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Title: Saturn's magnetosphere : influences, interactions and dynamics
Author: Kanani, S. J.
Awarding Body: University College London (University of London)
Current Institution: University College London (University of London)
Date of Award: 2012
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In this thesis we use data from the Cassini spacecraft in order to investigate the influences on Saturn’s magnetosphere, and the dynamics and interactions that occur within it. The primary instrument for this study is the Cassini electron spectrometer (CAPS-ELS), analysing low energy electron data to examine three areas of research, which are discussed and developed in this thesis. The first study concerns the magnetopause of Saturn, the boundary between the region of space dominated by the planet’s magnetic field and the interplanetary magnetic field. We develop a new pressure balance model using a multi-instrument data analysis, building on past models and including new features. It has been shown that the model has improved on previous models due to the inclusion of the suprathermal plasma and variable static pressures in the pressure balance equation providing more realistic results. It is currently the most up to date model of Saturn’s magnetopause. The second study concerns flux tube interchange and injection events in Saturn’s inner magnetosphere. A new survey of these features was carried out across the entire dataset in order to learn more about plasma circulation, and to answer questions such as whether injection events with increases in magnetic field strength are always found at the equator. By examining the electron and ion data, we test previous interpretations of some events, analyse other such events in detail, and demonstrate a method through which the radial plasma flow direction of interchanging flux tubes can be determined. Pitch angle distributions, magnetic field data and plasma flow models were considered in order to help establish plasma circulation patterns in the kronian magnetosphere. We were able to determine the flow direction of 17 events and use magnetic field data from 32 events to conclude that generally increases in magnetic field strength are indeed found at the equator. We believe our work has shown that Saturn exhibits general and isolated plasma flow, with the isolated plasma flow occurring as “bubbles” in the plasma. The third study concerns low energy electron enhancements in the inner magnetosphere, specifically those associated with Saturn’s moon Enceladus. During an investigation of close flybys of Enceladus, discrete, short duration enhancements were found in the low energy electron plasma. We present the new features seen in the Enceladus L shell region of the kronian magnetosphere. The data from these new features were surveyed and some possible creation mechanisms are discussed. In total, over 600 spikes were found between L = 3.5 and 4.5 from data between Saturn Orbit Insertion and June 2010, showing a preference about the equatorial region but no obvious patterns in local time. Some spikes appear to extend to dispersive higher energy signatures, which are generally associated with injection events and hence these types of spikes were investigated accordingly. Although one formation process was not found to account for all the events, we rule out several processes, such as spacecraft charging and thruster engine firing as causes for the spikes. We believe that our results show that different creation mechanisms can be responsible for different types of low energy electron enhancements.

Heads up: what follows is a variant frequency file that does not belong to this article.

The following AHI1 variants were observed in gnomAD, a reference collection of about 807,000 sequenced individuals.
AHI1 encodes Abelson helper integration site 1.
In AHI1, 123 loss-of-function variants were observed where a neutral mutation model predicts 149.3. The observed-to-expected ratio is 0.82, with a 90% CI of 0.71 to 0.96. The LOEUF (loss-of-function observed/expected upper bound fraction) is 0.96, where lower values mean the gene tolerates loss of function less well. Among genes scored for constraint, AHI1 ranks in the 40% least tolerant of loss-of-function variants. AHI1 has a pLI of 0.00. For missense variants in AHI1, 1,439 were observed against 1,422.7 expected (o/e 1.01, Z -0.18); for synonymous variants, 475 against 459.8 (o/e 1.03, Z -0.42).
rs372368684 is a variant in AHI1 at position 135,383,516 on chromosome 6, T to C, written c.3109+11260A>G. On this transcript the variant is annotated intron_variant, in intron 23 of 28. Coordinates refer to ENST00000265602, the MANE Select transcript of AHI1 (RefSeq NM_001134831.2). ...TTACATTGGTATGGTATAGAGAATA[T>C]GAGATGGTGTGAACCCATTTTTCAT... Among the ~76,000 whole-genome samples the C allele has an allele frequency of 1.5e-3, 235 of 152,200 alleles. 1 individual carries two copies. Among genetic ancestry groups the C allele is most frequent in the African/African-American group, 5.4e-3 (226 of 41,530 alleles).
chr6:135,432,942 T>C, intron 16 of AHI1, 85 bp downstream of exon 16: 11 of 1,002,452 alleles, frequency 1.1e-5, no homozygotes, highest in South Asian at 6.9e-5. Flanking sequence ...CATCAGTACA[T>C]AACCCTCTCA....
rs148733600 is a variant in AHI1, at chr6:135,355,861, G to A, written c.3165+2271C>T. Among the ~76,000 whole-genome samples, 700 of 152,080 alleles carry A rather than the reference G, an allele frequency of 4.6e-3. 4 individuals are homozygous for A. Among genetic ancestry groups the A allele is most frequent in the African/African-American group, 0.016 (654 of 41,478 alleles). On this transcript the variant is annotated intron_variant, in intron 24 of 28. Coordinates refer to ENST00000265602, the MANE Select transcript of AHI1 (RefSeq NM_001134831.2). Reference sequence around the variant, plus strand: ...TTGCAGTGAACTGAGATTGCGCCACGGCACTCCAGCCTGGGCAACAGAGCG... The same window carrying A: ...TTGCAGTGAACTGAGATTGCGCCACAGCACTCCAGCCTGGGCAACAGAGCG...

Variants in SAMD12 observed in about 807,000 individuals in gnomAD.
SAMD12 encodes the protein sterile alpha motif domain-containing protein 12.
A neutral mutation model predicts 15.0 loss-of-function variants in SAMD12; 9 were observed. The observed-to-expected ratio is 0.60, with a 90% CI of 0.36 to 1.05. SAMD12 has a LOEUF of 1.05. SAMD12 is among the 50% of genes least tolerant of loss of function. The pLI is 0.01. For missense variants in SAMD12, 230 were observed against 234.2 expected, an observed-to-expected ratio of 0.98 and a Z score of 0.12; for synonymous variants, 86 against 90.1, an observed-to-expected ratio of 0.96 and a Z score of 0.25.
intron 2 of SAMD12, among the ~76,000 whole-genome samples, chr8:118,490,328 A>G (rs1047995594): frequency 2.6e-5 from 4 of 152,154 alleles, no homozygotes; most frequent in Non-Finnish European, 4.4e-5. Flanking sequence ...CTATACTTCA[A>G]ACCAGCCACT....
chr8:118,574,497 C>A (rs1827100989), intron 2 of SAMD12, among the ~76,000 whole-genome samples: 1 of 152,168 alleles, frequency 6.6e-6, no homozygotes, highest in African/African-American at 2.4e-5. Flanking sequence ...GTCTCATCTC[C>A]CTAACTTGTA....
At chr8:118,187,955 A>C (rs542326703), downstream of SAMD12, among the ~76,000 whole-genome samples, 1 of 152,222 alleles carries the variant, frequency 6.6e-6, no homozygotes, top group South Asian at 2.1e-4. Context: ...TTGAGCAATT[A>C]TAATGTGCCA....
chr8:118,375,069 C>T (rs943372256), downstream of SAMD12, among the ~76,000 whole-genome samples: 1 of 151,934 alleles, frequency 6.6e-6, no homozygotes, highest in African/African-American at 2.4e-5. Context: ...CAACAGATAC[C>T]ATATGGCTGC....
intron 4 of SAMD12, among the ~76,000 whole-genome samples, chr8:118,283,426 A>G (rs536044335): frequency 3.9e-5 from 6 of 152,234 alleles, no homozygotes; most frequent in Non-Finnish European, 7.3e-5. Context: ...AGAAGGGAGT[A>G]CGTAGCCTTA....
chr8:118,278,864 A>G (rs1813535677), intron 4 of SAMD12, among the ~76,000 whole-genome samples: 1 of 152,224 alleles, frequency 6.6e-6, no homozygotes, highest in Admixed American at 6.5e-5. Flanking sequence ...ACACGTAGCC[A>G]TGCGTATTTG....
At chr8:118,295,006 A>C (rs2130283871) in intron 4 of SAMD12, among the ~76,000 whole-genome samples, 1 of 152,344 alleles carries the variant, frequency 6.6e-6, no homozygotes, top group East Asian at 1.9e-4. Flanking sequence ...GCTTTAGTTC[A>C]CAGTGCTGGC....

Supervisor: Not available Sponsor: Not available
Qualification Name: Thesis (Ph.D.) Qualification Level: Doctoral
EThOS ID:  DOI: Not available